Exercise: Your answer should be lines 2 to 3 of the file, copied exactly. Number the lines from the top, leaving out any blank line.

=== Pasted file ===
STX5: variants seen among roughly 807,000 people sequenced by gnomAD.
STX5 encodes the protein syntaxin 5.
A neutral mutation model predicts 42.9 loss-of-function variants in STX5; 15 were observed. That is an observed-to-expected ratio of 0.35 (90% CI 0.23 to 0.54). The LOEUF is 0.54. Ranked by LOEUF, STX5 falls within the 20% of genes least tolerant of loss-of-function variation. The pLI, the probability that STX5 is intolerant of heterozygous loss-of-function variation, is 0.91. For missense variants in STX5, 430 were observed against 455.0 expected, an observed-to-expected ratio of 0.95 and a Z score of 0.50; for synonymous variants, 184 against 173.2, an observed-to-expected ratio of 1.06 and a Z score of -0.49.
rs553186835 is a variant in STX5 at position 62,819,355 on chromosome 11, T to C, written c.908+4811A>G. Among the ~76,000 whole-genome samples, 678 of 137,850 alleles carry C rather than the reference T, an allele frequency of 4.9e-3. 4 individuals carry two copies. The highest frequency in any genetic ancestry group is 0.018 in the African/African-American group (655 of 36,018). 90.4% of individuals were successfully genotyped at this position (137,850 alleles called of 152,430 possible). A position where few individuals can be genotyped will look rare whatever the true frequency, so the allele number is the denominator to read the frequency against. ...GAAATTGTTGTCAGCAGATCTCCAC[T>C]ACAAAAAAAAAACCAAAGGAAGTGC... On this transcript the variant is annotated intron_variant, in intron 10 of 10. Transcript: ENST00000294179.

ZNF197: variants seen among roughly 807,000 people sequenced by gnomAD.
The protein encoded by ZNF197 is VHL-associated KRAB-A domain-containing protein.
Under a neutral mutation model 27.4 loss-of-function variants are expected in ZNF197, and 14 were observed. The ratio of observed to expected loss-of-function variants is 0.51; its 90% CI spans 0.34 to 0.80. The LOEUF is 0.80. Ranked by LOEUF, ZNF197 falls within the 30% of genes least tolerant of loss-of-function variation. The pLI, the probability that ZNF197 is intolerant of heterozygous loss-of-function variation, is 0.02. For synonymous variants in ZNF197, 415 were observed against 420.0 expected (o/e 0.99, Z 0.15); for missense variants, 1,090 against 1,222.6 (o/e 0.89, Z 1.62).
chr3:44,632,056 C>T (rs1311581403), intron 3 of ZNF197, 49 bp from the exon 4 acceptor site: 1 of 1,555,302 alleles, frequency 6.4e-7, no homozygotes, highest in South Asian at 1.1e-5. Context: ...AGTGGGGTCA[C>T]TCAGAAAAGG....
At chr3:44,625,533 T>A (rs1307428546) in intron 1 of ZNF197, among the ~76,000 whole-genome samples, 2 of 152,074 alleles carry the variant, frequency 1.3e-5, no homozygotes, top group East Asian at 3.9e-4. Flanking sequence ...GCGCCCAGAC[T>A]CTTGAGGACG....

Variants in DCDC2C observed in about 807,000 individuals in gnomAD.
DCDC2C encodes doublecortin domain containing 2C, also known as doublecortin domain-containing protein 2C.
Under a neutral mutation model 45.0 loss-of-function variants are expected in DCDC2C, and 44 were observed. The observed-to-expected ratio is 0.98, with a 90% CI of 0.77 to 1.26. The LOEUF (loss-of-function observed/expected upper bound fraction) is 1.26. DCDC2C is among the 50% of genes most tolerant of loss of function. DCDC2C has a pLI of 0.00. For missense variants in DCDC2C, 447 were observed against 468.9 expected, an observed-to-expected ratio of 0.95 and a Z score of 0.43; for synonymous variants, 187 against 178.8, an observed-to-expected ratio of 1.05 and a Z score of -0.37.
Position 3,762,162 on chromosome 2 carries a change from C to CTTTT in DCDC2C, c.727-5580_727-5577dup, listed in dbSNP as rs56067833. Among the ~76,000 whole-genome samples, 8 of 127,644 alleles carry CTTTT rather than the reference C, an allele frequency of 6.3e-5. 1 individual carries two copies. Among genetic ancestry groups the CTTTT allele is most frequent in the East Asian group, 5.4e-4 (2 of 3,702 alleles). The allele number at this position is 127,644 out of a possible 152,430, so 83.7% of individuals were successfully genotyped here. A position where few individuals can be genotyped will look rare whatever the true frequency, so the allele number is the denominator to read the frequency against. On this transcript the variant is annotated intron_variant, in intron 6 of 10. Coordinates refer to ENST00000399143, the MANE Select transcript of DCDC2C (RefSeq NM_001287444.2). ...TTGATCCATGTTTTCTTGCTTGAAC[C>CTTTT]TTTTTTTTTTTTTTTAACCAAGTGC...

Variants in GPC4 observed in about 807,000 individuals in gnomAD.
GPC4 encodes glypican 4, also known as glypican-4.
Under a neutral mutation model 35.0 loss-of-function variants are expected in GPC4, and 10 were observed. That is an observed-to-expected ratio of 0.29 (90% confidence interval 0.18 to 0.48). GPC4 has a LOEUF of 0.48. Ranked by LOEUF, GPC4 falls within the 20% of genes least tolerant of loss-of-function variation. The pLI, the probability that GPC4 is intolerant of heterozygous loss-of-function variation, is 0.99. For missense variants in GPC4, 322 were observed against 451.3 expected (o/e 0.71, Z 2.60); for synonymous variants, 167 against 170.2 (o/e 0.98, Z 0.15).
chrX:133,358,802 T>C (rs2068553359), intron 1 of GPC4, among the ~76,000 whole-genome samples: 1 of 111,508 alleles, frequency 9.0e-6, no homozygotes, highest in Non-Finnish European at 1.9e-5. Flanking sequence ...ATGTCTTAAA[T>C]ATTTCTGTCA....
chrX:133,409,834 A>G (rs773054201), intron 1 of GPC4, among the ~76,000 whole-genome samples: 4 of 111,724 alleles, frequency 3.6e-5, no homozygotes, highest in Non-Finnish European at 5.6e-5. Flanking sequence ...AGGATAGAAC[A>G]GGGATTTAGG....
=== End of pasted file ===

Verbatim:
STX5 encodes the protein syntaxin 5.
A neutral mutation model predicts 42.9 loss-of-function variants in STX5; 15 were observed. That is an observed-to-expected ratio of 0.35 (90% CI 0.23 to 0.54). The LOEUF is 0.54. Ranked by LOEUF, STX5 falls within the 20% of genes least tolerant of loss-of-function variation. The pLI, the probability that STX5 is intolerant of heterozygous loss-of-function variation, is 0.91. For missense variants in STX5, 430 were observed against 455.0 expected, an observed-to-expected ratio of 0.95 and a Z score of 0.50; for synonymous variants, 184 against 173.2, an observed-to-expected ratio of 1.06 and a Z score of -0.49.